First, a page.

This is a discussion on Nested while loop inside for loop within the C Programming forums, part of the General Programming Boards category; Originally Posted by Sonny Very efficient. :P haha thanks a lot for the help guys. Hopefully after a little more ...
Actually it would pretty cool if everyone listed their compiler/IDE and OS in the .sig... would save a lot of confusion on OS specific stuff.EDIT: BTW Tater, I like your new tag line.
The windows aptitude test is one of those nifty "cookies" that people should explore.
I tend to walk around in a haze thinking about this or that function or module and then when I'm ready I'll sit down and zip it out in short order. Typing code is a very small part of programming... The big skill is not learning a language with less than 2 dozen words in it... it is in understanding a problem (i.e. project) well enough to write an adequate solution. For small stuff like you're doing now, an experience programmer might only need a couple of minutes to plan it out... but when the projects get big, the understanding and planning stages can take weeks or even months sometimes... Writing code is the second to last step in creating a program. The last step is fixing all your smegups and getting it to work...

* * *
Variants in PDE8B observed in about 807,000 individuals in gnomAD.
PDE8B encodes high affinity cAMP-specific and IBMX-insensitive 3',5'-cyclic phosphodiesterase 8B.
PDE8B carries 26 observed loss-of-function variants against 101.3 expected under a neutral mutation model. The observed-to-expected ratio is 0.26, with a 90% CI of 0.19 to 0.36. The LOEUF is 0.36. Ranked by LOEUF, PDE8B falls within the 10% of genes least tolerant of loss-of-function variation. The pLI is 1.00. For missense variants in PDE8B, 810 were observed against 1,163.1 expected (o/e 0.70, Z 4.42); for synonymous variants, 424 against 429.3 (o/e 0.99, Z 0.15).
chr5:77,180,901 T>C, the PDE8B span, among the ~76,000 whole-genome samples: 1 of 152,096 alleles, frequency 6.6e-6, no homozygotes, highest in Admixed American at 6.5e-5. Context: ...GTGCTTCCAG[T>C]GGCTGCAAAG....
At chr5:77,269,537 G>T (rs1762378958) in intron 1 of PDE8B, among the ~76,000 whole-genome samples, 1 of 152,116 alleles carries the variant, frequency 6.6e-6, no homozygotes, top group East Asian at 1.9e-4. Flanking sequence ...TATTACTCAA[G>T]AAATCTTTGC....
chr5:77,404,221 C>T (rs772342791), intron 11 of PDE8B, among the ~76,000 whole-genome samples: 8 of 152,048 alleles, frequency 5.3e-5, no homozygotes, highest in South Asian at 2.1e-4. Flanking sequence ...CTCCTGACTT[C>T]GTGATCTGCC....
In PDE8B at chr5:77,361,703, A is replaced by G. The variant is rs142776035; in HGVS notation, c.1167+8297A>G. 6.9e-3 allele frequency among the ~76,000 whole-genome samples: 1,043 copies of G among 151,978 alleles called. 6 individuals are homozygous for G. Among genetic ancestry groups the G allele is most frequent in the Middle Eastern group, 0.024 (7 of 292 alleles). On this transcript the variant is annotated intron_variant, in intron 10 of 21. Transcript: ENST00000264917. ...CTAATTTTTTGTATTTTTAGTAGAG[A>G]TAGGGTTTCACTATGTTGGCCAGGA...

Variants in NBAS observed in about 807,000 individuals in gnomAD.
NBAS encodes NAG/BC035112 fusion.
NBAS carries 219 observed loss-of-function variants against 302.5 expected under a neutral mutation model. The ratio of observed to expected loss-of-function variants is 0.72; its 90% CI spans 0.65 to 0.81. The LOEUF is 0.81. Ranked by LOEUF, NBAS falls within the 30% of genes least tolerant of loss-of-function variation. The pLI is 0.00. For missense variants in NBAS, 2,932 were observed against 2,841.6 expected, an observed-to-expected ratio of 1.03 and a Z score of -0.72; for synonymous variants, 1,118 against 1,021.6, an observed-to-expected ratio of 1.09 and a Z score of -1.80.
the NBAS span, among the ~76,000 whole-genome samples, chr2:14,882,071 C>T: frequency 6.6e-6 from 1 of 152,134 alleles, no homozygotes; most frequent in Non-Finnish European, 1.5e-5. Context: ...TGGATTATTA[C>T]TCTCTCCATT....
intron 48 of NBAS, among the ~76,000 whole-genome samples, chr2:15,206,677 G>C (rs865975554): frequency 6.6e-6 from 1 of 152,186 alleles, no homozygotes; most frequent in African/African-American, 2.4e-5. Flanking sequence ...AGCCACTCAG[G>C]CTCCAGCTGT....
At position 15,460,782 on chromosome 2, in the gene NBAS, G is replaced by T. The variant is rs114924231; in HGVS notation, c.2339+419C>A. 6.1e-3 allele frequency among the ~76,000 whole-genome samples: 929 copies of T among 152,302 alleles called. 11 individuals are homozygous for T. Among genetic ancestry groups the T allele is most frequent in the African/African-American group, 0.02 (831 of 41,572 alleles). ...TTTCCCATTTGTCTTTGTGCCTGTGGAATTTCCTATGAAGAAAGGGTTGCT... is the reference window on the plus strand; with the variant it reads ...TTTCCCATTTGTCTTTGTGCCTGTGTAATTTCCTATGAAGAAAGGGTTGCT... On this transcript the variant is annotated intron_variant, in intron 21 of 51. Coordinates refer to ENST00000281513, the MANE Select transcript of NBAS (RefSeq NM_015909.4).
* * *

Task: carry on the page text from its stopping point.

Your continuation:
@Tater: I agree, however it would also be nice if we could fill it out in our profile and it showed up in all the free space next to our name.
Before you start doing stuff that diverges from the textbook... make real sure you don't abandon the learning curve in favor of personal projects. You will pay a penalty for that down the road when you discover you really do need to know the rest of what's in that book.
I'd suggest at least a good review of concepts that are obviously giving you difficulty here, before you branch out into anything new.
I agree. My intent was that while going through the book, you could solidify the knowledge gained there by making a game utilizing that knowledge, vice doing 100s of the boring textbook problems. Let's say I just finished learning about functions and loops. I could use that to make a game where I could actually explore these concepts but in a fun manner. I believe Matticus is doing just this.
Type them up, compile them, play with them, break them, fix them.... make sure you understand what they're doing and how before you move on to the next section... Reading retention runs about 50%... you can probably up that to 80 or 90% by working the exercises.